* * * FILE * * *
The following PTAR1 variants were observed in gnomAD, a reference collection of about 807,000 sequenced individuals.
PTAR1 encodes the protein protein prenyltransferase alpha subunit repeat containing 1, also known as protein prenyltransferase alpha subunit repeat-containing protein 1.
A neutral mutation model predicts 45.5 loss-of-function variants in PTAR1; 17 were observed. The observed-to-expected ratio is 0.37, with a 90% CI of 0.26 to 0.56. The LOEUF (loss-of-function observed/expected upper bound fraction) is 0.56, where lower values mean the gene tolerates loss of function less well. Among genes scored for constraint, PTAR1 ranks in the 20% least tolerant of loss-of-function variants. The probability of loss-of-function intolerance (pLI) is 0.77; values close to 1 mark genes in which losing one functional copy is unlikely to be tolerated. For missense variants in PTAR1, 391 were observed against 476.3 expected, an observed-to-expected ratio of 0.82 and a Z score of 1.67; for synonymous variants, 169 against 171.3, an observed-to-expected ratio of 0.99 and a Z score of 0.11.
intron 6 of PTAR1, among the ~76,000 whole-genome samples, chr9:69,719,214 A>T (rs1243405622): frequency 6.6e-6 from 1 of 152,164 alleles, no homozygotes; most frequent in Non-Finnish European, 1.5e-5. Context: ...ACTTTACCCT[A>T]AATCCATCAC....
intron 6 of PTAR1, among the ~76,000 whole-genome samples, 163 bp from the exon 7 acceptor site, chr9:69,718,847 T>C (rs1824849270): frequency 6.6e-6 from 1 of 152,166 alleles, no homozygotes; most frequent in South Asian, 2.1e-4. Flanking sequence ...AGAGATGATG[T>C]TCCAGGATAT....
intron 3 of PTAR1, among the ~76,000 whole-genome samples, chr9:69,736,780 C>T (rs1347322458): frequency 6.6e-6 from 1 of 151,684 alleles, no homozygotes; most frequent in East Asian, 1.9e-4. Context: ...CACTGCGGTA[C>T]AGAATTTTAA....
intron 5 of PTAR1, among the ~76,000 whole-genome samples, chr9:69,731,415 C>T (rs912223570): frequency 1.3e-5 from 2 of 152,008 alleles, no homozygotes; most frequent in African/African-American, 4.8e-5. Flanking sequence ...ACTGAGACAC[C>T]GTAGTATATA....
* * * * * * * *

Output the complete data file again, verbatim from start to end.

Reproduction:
The following PTAR1 variants were observed in gnomAD, a reference collection of about 807,000 sequenced individuals.
PTAR1 encodes the protein protein prenyltransferase alpha subunit repeat containing 1, also known as protein prenyltransferase alpha subunit repeat-containing protein 1.
A neutral mutation model predicts 45.5 loss-of-function variants in PTAR1; 17 were observed. The observed-to-expected ratio is 0.37, with a 90% CI of 0.26 to 0.56. The LOEUF (loss-of-function observed/expected upper bound fraction) is 0.56, where lower values mean the gene tolerates loss of function less well. Among genes scored for constraint, PTAR1 ranks in the 20% least tolerant of loss-of-function variants. The probability of loss-of-function intolerance (pLI) is 0.77; values close to 1 mark genes in which losing one functional copy is unlikely to be tolerated. For missense variants in PTAR1, 391 were observed against 476.3 expected, an observed-to-expected ratio of 0.82 and a Z score of 1.67; for synonymous variants, 169 against 171.3, an observed-to-expected ratio of 0.99 and a Z score of 0.11.
intron 6 of PTAR1, among the ~76,000 whole-genome samples, chr9:69,719,214 A>T (rs1243405622): frequency 6.6e-6 from 1 of 152,164 alleles, no homozygotes; most frequent in Non-Finnish European, 1.5e-5. Context: ...ACTTTACCCT[A>T]AATCCATCAC....
intron 6 of PTAR1, among the ~76,000 whole-genome samples, 163 bp from the exon 7 acceptor site, chr9:69,718,847 T>C (rs1824849270): frequency 6.6e-6 from 1 of 152,166 alleles, no homozygotes; most frequent in South Asian, 2.1e-4. Flanking sequence ...AGAGATGATG[T>C]TCCAGGATAT....
intron 3 of PTAR1, among the ~76,000 whole-genome samples, chr9:69,736,780 C>T (rs1347322458): frequency 6.6e-6 from 1 of 151,684 alleles, no homozygotes; most frequent in East Asian, 1.9e-4. Context: ...CACTGCGGTA[C>T]AGAATTTTAA....
intron 5 of PTAR1, among the ~76,000 whole-genome samples, chr9:69,731,415 C>T (rs912223570): frequency 1.3e-5 from 2 of 152,008 alleles, no homozygotes; most frequent in African/African-American, 4.8e-5. Flanking sequence ...ACTGAGACAC[C>T]GTAGTATATA....